What?! that would never happen, insurance covers stupidity accidents too you know. AHEM look at all the auto accidents they cover, they cover DUI accidents unless the driver was pre-excluded from the policy......

If he put it in to purposely cause a fire that is different. But if he put it in out of ignorance and started a fire the insurance would cover it.

Big difference to insurance companies between purposeful and accidental.

But having post this topic he now knows it's a bad idea.

EDIT: I guess your right if you are assuming he did it purposly to start a fire.


 

BurnItDwn

Lifer
Oct 10, 1999
26,059
1,541
126
I am a pyromaniac and I like fire. Therefore, I suggest you go right ahead and put that 75 watt bulb in the 60 watt max fixture.
After all, there is clearly no reason why they would have a max value suggested.
 

Aimster

Lifer
Jan 5, 2003
16,129
2
0
I had a house fire because of lightbulbs .... insurance covered everything.

but it wasnt the kind of light you are tallking about. It was fluorescent
 

BigJ

Lifer
Nov 18, 2001
21,335
1
81
Originally posted by: MrWizzard
Originally posted by: BigJ
Worst case scenario, you cause a fire, insurance finds out that a higher rated bulb than maximum was used and you aren't covered. It's an extreme, and rarely if ever happens.

Realistically, you'll be fine but the bulb will blow earlier than it's rated life.

However, if you do it long enough you may wind up destroying the fixture and having to replace the cover, casing, or light socket.

What?! that would never happen, insurance covers stupidity accidents too you know. AHEM look at all the auto accidents they cover, they cover DUI accidents unless the driver was pre-excluded from the policy......

If he put it in to purposely cause a fire that is different. But if he put it in out of ignorance and started a fire the insurance would cover it.

Big difference to insurance companies between purposeful and accidental.

But having post this topic he now knows it's a bad idea.

That's why I said it's a worse case scenario. If the insurance company does in fact find out that an electrical fire was caused due to your negligence, they have a basis for denying your claim.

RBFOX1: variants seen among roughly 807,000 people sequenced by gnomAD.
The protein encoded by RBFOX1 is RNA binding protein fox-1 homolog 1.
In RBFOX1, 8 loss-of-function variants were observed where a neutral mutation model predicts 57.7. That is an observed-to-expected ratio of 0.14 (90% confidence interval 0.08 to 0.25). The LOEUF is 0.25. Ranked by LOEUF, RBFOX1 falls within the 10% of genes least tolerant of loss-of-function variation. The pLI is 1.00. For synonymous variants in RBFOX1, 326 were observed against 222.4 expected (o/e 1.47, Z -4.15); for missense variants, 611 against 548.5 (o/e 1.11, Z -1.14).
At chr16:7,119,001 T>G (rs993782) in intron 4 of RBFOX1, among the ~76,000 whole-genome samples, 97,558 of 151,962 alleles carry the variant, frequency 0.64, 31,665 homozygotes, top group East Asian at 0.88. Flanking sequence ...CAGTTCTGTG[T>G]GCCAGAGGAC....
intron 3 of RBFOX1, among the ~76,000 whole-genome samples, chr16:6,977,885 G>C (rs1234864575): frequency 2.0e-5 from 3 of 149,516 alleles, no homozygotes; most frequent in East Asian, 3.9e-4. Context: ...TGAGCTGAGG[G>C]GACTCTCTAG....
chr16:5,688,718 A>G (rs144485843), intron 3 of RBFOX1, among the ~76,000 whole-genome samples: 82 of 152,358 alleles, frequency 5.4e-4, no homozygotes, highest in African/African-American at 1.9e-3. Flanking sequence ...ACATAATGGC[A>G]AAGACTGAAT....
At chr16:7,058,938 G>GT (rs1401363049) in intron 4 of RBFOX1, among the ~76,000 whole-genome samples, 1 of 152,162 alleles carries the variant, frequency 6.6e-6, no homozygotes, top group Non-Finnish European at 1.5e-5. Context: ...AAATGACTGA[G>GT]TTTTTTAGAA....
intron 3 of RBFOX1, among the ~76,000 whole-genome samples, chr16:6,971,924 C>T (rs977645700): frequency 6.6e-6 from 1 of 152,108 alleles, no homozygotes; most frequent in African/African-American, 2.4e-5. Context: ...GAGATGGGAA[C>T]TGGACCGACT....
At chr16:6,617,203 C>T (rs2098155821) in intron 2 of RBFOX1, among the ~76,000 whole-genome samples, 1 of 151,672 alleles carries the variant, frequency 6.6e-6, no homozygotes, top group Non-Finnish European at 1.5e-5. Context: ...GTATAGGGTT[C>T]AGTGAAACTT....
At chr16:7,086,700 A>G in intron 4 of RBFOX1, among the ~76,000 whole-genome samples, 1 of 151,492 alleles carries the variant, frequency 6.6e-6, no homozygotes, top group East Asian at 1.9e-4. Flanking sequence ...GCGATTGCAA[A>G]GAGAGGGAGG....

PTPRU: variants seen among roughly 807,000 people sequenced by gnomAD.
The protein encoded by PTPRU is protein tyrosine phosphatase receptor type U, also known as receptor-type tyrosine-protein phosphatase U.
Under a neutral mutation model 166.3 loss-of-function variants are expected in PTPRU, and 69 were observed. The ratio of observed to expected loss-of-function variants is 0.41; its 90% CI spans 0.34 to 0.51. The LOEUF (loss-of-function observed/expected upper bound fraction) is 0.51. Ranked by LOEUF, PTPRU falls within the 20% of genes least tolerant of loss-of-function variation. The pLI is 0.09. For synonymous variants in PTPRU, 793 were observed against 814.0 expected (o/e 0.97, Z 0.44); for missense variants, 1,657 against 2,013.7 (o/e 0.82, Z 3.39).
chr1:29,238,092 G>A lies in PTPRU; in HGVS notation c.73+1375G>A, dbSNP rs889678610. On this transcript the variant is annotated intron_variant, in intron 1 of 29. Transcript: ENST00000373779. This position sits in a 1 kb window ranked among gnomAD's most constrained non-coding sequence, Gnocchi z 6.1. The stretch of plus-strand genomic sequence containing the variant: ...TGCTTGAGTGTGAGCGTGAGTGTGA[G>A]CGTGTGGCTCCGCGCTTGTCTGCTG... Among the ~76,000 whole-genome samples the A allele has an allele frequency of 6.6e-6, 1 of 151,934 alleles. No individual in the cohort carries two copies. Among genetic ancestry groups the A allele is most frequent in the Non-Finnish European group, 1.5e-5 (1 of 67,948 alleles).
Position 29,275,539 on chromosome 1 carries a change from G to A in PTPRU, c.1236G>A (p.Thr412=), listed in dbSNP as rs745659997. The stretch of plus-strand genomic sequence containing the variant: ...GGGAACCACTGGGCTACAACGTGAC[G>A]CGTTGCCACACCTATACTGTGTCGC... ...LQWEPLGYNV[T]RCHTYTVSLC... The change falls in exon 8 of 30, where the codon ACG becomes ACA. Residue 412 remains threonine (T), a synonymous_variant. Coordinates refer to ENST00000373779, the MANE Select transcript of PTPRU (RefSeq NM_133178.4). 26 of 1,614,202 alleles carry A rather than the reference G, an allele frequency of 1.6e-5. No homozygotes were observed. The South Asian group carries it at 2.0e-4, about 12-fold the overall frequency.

Strk

Lifer
Nov 23, 2003
10,198
4
76
Light bulbs are cheap. Quit being stingy and put the proper bulb in the fixture.
 

PowerEngineer

Diamond Member
Oct 22, 2001
3,543
709
136
Originally posted by: Midlander
Originally posted by: Seekermeister
The wattage rating on fixture is based on the wiring with the fixture, and also the heat resistance of the fixture. It has nothing to do with the house wiring. I have seen fixture that got too hot and became scorched. If the bulbs burns out prematurely, it is because they get too hot. I suppose that there is a possibility of a fire hazard, but not a great one.

Good answer. This is the way I understand it, too. :beer:

Yes, this is correct. The limitation is based on the temperature that the fixture must reach in order to dissipate the heat generated by the bulbs. Higher wattage bulbs lead to higher temperatures and greater chance of fire.

 

Amused

Elite Member
Apr 14, 2001
55,791
13,752
146
I always overclock my light fixtures. ;)

It's all about heat. Going one step up has never been a problem for me.
 

Vette73

Lifer
Jul 5, 2000
21,503
8
0
Originally posted by: WhoBeDaPlaya
Another vote for compact fluorescents.
15W over should be fine. You should see all the ceiling light fixtures in my townhouse when I first moved in. They were using 100W bulbs in 60W rated fixtures - the damn insulation layer was gooey and fscking half melted :|

Yep.